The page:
Wine Grape of the Week: Vidiano, A Personal Favorite At Recent Tasting

Wines of Crete

Greece has been top of mind all week because of their financial troubles and what it may mean for Europe. In my previous life, I used to write about such events and their impact on stock markets. In my current life, thinking about Greece leads me to write about Greek wines I have tasted lately as well. I feel lucky to be able to consider both of these worlds part of my professional life.


The Wines of Crete tasting two weeks ago transported me back immediately to that sun blessed country. Their wine making history is very involved, dating back to ancient times that it is almost overwhelming to think about. I visited Crete many years ago and remember the taste of the tomatoes on the island, oddly enough but hadn’t had the wines in a couple of years. The tasting was a welcome moment to try grape varieties that I do not know well such as Vidiano. This variety is widely cultivated in Heraklion and is made into mono-varietal wines as well as blended with other local grapes such as Vilana, Plyto and Thrapsathiri. I liked the minerality, high acidity and low alcohol. I could imagine drinking large quantities of this wine and having a long lunch in a sunny piazza or on the beach. There were many versions of Vidiano at the tasting to try including mono-varietal wines from Alexakis, Diamantakis, and Minos-Miliarakis. There were also a number of blends using Vidiano and its other local partners in crime but I was more taken with these wines. I look forward to a return visit of the group and other chances to try the wines from this island in the middle of the wine-dark sea.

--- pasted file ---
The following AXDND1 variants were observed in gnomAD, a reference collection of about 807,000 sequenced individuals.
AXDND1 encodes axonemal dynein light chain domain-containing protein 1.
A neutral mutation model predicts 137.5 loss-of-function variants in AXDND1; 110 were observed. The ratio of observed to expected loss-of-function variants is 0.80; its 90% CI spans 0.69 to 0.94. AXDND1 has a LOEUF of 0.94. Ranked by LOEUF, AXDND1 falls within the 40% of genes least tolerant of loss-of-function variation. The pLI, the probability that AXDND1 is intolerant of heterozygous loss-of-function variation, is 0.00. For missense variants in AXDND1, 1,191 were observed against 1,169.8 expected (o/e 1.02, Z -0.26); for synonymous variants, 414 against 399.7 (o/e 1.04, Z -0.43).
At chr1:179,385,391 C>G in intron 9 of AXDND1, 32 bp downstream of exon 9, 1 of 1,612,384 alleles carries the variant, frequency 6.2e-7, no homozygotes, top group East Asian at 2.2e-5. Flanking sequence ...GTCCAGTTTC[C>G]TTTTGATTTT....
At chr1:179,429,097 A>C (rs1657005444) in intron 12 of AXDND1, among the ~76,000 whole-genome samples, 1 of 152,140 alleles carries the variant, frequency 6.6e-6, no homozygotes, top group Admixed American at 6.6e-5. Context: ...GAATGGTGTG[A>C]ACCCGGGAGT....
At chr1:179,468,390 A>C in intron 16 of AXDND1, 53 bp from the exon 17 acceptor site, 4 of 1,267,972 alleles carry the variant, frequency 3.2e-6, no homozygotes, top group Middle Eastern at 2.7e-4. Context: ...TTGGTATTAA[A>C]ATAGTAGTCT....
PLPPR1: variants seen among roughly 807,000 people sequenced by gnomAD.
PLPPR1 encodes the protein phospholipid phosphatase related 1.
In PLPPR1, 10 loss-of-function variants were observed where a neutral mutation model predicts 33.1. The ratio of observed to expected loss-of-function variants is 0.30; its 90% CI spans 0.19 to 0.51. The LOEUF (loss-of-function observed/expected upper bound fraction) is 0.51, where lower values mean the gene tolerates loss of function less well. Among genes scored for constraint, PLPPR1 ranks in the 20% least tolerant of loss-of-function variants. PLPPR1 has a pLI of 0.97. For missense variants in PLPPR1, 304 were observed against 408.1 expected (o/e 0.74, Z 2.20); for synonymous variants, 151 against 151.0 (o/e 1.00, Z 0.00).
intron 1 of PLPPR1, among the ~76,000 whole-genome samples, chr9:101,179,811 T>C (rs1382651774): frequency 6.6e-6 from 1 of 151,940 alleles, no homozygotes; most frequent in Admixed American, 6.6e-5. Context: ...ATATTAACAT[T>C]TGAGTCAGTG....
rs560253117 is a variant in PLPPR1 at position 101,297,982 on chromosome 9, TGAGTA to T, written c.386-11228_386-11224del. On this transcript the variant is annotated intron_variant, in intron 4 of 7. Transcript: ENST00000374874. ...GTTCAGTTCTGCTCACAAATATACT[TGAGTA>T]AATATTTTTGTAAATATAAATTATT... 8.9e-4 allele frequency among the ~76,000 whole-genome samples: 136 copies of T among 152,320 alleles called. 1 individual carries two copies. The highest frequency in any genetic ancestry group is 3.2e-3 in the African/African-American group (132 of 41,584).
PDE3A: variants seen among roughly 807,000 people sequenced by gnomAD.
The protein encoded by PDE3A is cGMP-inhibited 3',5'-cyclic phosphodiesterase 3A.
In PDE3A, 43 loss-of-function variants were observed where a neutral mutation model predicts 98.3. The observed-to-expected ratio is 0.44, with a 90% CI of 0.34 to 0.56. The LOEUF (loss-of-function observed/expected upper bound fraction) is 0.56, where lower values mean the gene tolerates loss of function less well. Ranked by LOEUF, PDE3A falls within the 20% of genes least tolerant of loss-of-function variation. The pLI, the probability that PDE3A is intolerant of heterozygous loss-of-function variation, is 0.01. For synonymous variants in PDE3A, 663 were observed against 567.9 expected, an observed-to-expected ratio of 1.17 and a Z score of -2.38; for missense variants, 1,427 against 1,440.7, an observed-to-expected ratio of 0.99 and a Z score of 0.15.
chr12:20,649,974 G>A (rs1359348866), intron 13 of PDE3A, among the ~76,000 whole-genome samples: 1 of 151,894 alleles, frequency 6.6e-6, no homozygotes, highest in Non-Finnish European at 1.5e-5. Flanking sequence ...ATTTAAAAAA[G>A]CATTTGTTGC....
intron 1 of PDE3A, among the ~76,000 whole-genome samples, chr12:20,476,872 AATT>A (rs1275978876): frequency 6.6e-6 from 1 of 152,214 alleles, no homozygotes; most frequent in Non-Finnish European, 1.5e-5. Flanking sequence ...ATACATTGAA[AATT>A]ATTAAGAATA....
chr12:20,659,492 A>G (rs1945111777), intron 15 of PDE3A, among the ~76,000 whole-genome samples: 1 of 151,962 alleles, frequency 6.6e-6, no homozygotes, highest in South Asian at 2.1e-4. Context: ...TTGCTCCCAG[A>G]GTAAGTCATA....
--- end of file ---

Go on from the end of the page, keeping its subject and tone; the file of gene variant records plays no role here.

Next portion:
One comment

  1. Reblogged this on avvinare and commented:

    Thinking about Greece and Greek Wine Week I reread this post. While some of the troubles seem to have slightly abated, since I wrote this post the migrant crisis always comes to mind when I think of Greece and the thousands of people who have gone to their shores. Being in NYC, the crisis can seem very far away. I wonder if sailing around the islands in Greece makes it all the more real when you come upon objects perhaps at sea or are somewhere where lots of migrants end up such as Lesbos. It is hard to know what to do because on the one hand you want to support the country and travel there while on the other, it feels wrong to be vacationing in a spot where so many people are suffering and have lost everything. I haven’t worked out in my mind what the right thing to do is yet. I think about this topic a lot and I remember not visiting Lampedusa for this reason as well.

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